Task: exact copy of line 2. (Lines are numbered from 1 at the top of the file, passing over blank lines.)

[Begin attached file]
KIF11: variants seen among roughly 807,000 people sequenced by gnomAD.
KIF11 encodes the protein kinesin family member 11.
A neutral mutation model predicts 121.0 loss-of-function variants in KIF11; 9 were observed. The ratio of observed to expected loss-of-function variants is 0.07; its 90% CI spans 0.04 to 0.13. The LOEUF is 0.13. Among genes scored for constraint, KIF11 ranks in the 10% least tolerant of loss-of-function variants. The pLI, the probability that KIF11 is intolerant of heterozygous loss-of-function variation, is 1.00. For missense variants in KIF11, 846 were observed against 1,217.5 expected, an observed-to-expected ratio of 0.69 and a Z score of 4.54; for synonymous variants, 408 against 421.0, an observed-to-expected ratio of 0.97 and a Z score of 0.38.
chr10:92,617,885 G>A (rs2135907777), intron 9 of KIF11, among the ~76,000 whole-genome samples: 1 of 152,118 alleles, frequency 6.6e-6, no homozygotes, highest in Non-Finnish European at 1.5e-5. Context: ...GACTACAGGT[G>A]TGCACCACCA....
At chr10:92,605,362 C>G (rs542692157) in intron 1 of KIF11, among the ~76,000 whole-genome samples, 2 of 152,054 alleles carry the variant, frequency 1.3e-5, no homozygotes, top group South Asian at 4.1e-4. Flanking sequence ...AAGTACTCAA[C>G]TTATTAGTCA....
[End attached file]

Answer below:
KIF11 encodes the protein kinesin family member 11.